Anyway, first on the agenda is to verify that the Remove API from list-controller is expected to remove the item from the underlying collection of grocery list items:

/test/jasmine/spec/feature/removeitem.spec.js

it('should remove existing item from the collection', function() {

  var collection = listController.getItemList(),

      removedItem;



  removedItem = listController.removeItem(groceryItem);



  expect(removedItem).toBe(groceryItem);

  expect(collection.getItemIndex(groceryItem)).toBe(-1);

});

Add the new spec to the spec runner:
/test/jasmine/specrunner.html

require( ['spec/feature/additem.spec.js', 'spec/feature/markitem.spec.js', 'spec/feature/removeitem.spec.js',

          'spec/list-controller.spec.js', 'spec/list-item-controller.spec.js', 'spec/grocery-ls-item.spec.js',

          'spec/collection.spec.js'], function() {



  var jasmineEnv = jasmine.getEnv(),

      ...

  jasmineEnv.execute();



});

Run that, and we have a big honking failure:
Failing remove spec on collection.
Good!

In looking at the expectations of the removeItem() method on list-controller, we are expecting that the item is removed from the collection and returned on invocation. Let’s implement removeItem on list-controller with this understanding:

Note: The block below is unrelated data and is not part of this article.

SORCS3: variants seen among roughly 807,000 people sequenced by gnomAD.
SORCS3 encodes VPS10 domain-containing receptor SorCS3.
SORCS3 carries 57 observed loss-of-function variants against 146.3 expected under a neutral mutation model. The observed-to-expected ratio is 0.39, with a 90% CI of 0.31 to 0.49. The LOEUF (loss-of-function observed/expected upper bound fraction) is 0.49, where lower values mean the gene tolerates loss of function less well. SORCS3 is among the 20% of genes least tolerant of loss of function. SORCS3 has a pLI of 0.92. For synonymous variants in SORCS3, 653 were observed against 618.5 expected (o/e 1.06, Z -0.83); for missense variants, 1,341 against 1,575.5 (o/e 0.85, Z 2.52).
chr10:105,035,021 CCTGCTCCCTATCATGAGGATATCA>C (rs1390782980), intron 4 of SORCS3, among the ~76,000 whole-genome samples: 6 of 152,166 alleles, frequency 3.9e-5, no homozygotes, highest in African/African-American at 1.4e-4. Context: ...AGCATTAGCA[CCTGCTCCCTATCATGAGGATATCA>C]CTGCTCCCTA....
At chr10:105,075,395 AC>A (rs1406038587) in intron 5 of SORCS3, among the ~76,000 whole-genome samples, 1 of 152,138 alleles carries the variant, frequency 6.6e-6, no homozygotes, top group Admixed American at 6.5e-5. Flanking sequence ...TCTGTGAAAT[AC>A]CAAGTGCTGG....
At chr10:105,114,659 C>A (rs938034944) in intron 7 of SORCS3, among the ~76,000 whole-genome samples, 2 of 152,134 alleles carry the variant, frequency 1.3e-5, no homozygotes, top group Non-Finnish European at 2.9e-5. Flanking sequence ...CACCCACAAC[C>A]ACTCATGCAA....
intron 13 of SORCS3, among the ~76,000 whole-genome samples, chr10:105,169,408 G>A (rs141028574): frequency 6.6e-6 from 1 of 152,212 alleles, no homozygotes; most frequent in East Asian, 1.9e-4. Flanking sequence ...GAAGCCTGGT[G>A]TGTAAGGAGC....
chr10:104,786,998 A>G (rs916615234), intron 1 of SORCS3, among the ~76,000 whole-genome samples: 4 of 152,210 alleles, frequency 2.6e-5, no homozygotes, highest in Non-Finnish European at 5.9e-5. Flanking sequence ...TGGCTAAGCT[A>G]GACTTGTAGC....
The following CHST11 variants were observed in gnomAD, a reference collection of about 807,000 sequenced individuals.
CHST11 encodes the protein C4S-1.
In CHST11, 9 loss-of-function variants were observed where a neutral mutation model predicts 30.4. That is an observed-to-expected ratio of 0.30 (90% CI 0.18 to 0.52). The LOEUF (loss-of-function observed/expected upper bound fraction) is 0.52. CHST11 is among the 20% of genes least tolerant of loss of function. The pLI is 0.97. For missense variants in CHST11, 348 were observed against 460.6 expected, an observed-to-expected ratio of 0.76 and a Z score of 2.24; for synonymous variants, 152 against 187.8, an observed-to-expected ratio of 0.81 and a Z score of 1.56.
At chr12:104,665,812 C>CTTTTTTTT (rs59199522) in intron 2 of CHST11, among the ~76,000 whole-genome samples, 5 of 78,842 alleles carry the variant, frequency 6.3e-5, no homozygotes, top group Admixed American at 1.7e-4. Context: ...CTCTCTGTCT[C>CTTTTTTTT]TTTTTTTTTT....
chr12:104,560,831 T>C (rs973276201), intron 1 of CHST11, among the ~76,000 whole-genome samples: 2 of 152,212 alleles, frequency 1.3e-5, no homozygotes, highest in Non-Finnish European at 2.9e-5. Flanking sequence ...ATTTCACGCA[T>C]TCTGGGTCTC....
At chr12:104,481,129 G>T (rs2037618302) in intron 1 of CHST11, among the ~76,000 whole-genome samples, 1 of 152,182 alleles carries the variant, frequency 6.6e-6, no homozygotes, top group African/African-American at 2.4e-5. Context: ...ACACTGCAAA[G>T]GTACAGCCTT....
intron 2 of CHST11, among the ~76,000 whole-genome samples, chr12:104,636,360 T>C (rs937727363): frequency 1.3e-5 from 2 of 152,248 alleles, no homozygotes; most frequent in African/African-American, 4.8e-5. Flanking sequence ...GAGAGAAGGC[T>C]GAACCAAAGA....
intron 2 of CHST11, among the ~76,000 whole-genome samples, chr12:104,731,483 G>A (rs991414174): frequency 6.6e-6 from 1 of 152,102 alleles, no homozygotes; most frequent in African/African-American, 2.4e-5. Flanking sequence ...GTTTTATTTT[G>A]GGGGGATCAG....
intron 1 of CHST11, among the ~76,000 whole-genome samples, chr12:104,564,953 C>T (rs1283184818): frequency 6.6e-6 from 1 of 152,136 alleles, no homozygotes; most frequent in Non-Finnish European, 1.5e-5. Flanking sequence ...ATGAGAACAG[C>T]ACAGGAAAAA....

/script/controller/list-controller.js

listController = {

  $view: undefined,

  getItemList: function() {

    return collection;

  },

  getRendererFromItem: function(item) {

    var i = rendererList.itemLength();

    while( --i > -1 ) {

      if(rendererList.getItemAt(i).model === item) {

        return rendererList.getItemAt(i);

      }

      return undefined;

    }

  },

  createNewItem: function() {

    var model = modelFactory.create();

    collection.addItem(model);

    return model;

  },

  removeItem: function(item) {

    return collection.removeItem(item);

  },

  setView: function(view) {

    this.$view = (view instanceof $) ? view : $(view);

  }

};

Run it, and we pass!
Passing tests on remove from collection.
Well, that was sort of easy and anti-climatic. No drama. A little boring, if I may say so.